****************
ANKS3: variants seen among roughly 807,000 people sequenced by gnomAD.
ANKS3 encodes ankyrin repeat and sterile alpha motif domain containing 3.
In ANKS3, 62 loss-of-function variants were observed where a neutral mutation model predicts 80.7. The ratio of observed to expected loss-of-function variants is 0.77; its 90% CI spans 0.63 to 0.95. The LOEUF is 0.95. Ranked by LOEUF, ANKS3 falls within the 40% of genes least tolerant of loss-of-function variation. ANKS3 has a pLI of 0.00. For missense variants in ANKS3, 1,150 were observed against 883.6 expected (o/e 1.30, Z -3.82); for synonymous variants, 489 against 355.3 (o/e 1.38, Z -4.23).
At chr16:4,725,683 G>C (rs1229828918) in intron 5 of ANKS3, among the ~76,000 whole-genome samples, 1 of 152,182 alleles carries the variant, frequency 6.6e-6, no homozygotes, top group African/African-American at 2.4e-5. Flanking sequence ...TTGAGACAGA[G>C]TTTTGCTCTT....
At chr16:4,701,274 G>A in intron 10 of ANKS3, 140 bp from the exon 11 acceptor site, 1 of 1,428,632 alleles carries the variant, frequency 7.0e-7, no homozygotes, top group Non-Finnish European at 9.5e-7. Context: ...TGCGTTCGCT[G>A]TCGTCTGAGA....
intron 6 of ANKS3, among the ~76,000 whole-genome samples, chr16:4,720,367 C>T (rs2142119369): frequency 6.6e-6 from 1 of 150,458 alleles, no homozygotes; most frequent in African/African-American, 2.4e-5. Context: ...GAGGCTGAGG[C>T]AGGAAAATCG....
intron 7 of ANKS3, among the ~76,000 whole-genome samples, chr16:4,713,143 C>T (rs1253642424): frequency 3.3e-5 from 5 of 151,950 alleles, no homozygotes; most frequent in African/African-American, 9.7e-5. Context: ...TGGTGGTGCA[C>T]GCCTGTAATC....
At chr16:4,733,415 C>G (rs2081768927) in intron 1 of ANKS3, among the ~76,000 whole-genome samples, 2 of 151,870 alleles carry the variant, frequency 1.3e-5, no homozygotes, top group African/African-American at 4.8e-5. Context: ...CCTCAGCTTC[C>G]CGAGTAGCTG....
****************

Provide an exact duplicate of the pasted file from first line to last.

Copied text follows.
ANKS3: variants seen among roughly 807,000 people sequenced by gnomAD.
ANKS3 encodes ankyrin repeat and sterile alpha motif domain containing 3.
In ANKS3, 62 loss-of-function variants were observed where a neutral mutation model predicts 80.7. The ratio of observed to expected loss-of-function variants is 0.77; its 90% CI spans 0.63 to 0.95. The LOEUF is 0.95. Ranked by LOEUF, ANKS3 falls within the 40% of genes least tolerant of loss-of-function variation. ANKS3 has a pLI of 0.00. For missense variants in ANKS3, 1,150 were observed against 883.6 expected (o/e 1.30, Z -3.82); for synonymous variants, 489 against 355.3 (o/e 1.38, Z -4.23).
At chr16:4,725,683 G>C (rs1229828918) in intron 5 of ANKS3, among the ~76,000 whole-genome samples, 1 of 152,182 alleles carries the variant, frequency 6.6e-6, no homozygotes, top group African/African-American at 2.4e-5. Flanking sequence ...TTGAGACAGA[G>C]TTTTGCTCTT....
At chr16:4,701,274 G>A in intron 10 of ANKS3, 140 bp from the exon 11 acceptor site, 1 of 1,428,632 alleles carries the variant, frequency 7.0e-7, no homozygotes, top group Non-Finnish European at 9.5e-7. Context: ...TGCGTTCGCT[G>A]TCGTCTGAGA....
intron 6 of ANKS3, among the ~76,000 whole-genome samples, chr16:4,720,367 C>T (rs2142119369): frequency 6.6e-6 from 1 of 150,458 alleles, no homozygotes; most frequent in African/African-American, 2.4e-5. Context: ...GAGGCTGAGG[C>T]AGGAAAATCG....
intron 7 of ANKS3, among the ~76,000 whole-genome samples, chr16:4,713,143 C>T (rs1253642424): frequency 3.3e-5 from 5 of 151,950 alleles, no homozygotes; most frequent in African/African-American, 9.7e-5. Context: ...TGGTGGTGCA[C>T]GCCTGTAATC....
At chr16:4,733,415 C>G (rs2081768927) in intron 1 of ANKS3, among the ~76,000 whole-genome samples, 2 of 151,870 alleles carry the variant, frequency 1.3e-5, no homozygotes, top group African/African-American at 4.8e-5. Context: ...CCTCAGCTTC[C>G]CGAGTAGCTG....